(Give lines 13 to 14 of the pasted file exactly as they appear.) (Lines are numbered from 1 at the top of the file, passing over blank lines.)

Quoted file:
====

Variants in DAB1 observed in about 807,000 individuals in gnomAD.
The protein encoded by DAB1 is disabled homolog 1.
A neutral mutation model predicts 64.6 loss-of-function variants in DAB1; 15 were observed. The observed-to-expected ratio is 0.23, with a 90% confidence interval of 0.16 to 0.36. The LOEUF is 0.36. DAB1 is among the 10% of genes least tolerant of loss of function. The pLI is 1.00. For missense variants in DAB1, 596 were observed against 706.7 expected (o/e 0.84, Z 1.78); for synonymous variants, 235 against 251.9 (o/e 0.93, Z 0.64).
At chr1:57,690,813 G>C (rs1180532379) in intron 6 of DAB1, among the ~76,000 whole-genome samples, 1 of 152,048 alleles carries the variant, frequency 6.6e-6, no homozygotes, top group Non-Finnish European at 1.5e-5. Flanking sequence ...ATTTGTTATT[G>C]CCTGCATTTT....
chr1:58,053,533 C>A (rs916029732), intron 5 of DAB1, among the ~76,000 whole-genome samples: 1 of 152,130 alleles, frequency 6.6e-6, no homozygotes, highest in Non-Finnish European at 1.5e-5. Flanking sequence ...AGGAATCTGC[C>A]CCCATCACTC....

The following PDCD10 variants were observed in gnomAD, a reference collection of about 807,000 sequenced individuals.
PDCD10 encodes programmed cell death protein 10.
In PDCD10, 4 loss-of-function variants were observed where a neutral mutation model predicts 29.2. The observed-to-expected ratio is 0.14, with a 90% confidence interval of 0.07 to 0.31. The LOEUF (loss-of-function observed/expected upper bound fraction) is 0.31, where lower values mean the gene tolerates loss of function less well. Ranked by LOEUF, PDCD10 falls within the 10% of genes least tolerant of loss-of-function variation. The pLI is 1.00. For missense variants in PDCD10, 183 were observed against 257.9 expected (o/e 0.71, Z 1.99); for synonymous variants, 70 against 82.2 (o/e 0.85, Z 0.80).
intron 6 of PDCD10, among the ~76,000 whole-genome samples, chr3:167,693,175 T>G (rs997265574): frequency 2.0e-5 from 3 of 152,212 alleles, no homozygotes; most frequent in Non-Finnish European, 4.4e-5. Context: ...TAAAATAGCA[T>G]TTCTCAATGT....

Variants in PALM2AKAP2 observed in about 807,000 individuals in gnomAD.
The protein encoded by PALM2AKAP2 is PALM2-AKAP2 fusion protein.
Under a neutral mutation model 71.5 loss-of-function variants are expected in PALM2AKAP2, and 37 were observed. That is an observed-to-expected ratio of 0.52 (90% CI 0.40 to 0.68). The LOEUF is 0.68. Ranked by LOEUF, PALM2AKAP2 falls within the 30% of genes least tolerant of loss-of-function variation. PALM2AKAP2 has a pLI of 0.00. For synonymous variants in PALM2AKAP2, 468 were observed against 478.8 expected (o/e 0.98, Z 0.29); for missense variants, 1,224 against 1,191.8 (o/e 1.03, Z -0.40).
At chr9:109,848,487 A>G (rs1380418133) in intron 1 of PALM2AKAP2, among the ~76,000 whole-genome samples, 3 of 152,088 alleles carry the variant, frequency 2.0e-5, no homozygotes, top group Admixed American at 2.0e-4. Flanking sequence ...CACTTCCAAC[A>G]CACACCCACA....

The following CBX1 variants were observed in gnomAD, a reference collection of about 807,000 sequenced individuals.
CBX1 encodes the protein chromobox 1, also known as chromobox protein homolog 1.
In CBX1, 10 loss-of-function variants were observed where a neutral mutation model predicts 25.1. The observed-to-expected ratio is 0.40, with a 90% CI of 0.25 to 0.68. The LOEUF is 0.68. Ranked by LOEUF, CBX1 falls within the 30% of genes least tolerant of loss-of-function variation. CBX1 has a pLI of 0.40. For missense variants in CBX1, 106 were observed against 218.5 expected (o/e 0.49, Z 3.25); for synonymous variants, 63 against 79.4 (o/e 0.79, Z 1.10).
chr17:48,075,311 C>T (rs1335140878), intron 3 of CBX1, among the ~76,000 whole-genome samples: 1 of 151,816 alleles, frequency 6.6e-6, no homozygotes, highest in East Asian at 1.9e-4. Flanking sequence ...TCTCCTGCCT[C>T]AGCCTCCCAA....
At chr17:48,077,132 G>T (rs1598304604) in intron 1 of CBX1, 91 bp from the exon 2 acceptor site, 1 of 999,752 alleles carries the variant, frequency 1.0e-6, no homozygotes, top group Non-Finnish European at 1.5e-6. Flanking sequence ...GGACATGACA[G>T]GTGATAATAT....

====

At chr9:109,848,487 A>G (rs1380418133) in intron 1 of PALM2AKAP2, among the ~76,000 whole-genome samples, 3 of 152,088 alleles carry the variant, frequency 2.0e-5, no homozygotes, top group Admixed American at 2.0e-4. Flanking sequence ...CACTTCCAAC[A>G]CACACCCACA....

The following CBX1 variants were observed in gnomAD, a reference collection of about 807,000 sequenced individuals.